Posted by psgels on 18 September 2011 with categories: Anime Reviews, Tiger & Bunny




The past years have shown a sudden influx of superhero series. It started with Ultraviolet and the Batman movies, then Heroman came and Madhouse had its Marvel series. The best of the bunch however, is Tiger and Bunny.

What this show did was quite special: it didn’t just pick a bunch of superheroes and had them fight crime. It constructed a very creative concept and setting around them: making them tv-stars. In the world of Tiger & Bunny, cameras follow every movement of the heroes as they catch bad guys, and they have been turned into a television phenomenon. By turning superheroes into celebrities, funded by sponsorships, this show is both able to celebrate, and criticize modern media.

The characters really succeed in making such an interesting setting come alive. One of the biggest strengths of this series is how fun the main cast is to watch. Especially the episodes that focus on just a few of them and explore their characters shine in their dynamics. This series is able to create very strong stories that are above all very fun to watch, making this one of the most enjoyable series of the past half year. Nearly every single episode delivers, and at the end of the series the cast has grown tremendously with powerful changes.

The format of this series is that it consists out of two halves. Each half starts off with a number of episodic stories that are meant to flesh out the cast and build up the story, after which a continuous story produces a climax. The plot of this series deserves praises especially because of how well it builds up. In fact, this is one of those stories where the build-up is actually more interesting to watch than the finales themselves. The creators throw in a ton of details as they slowly show more and more about the multi-layered storyline, while at the same time creating interesting individual stories for each of the cast members. it blends in seamlessly.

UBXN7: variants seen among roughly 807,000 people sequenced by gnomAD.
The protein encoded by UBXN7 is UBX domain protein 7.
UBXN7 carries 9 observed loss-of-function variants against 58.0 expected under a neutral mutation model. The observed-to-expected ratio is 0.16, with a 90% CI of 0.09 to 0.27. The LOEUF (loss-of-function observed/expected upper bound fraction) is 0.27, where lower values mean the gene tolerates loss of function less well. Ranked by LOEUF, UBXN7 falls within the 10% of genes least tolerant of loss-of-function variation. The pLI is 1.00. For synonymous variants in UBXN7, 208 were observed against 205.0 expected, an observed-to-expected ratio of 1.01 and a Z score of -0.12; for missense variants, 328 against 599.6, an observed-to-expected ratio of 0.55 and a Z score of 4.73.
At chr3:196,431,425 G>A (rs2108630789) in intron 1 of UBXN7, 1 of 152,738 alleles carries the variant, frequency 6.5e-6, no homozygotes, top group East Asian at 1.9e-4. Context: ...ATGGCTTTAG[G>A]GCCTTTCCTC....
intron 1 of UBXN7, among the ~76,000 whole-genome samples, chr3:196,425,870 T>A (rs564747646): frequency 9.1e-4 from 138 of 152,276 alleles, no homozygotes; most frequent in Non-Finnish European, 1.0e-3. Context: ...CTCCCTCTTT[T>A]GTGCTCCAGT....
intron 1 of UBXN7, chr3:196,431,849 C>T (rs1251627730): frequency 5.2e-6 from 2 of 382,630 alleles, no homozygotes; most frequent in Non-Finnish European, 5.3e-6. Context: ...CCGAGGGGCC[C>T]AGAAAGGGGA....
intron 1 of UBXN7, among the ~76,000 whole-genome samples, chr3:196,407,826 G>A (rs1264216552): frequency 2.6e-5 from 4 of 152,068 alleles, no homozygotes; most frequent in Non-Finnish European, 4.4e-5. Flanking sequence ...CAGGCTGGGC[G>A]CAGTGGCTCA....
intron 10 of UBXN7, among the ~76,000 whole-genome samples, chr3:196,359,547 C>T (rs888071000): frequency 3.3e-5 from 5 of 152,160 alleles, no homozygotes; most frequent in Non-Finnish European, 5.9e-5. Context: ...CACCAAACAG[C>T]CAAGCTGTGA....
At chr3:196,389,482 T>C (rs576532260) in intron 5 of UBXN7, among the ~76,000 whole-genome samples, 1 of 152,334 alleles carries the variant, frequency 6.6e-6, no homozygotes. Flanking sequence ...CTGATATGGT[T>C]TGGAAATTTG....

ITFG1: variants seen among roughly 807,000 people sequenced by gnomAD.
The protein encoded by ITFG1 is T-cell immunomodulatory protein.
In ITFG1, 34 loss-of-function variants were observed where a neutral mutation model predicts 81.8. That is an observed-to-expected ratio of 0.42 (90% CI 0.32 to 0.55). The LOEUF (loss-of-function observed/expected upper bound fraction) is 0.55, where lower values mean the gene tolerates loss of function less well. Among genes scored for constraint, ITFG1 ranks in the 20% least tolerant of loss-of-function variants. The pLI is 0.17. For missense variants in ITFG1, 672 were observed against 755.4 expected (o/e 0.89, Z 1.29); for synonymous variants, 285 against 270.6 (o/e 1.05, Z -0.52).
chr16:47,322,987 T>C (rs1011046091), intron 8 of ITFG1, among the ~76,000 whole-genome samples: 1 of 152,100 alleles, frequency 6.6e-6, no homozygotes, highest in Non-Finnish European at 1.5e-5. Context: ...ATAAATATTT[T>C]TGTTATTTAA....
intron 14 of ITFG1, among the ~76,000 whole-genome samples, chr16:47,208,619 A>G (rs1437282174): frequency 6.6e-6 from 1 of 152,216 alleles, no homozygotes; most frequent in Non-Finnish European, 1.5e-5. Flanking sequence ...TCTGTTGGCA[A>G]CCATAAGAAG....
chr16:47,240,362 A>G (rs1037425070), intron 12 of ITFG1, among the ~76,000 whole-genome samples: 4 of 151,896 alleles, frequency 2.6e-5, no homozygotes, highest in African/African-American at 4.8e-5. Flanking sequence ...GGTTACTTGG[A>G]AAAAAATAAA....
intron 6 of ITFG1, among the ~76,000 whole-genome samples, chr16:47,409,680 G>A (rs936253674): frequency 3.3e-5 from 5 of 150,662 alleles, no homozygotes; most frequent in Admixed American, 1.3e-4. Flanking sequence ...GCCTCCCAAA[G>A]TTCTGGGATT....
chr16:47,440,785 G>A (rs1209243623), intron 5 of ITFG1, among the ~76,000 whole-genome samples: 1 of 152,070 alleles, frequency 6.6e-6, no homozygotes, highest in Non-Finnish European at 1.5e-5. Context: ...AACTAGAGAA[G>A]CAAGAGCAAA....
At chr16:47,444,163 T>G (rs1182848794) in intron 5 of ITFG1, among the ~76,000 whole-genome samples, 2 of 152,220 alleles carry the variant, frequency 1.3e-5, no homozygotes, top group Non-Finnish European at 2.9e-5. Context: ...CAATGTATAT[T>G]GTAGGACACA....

For me, the major flaw of this series was really that the finales went fairly straight-forward, and just not as interesting as the rest of the series. The cliches that were brilliantly used in the majority of the series in order to achieve some very creative effects suddenly became just… cliches. And that stood out a bit. The journey to the destination however was more than worth it.

Storytelling: 9/10 – Weaves various plot-lines very nicely throughout the story, is very well paced and above all really fun to watch. Albeit the finales are the least interesting parts of the show.
Characters: 9/10 – Awesome cast, wonderful development.
Production-Values: 8/10 – Yoshihiro Ike’s soundtrack rocks, the CG works, but often moves jerky, and the 2D animation also has its moments of inconsistencies. It’s a very colourful and bright looking series, though.
Setting: 9/10 – This series is very creative with its premise, and makes brilliant use of it.

Suggestions:
The Big O
Zone of the Enders
Mobile Police Patlabor

6 Responses

  1. LilyGinnyBlack says:

    Since the entirety of the series’ plot was built on cliches, when things became cliche that didn’t really bother me overall, but I can see how it could bother some others.

    I also liked how, with T&B’s plot, most of the big plot twists were expected (and already predicted by fans) but were usually executed wonderfully and it would be the small details that would really add to the reveals and make them so good, rather than the reveals themselves.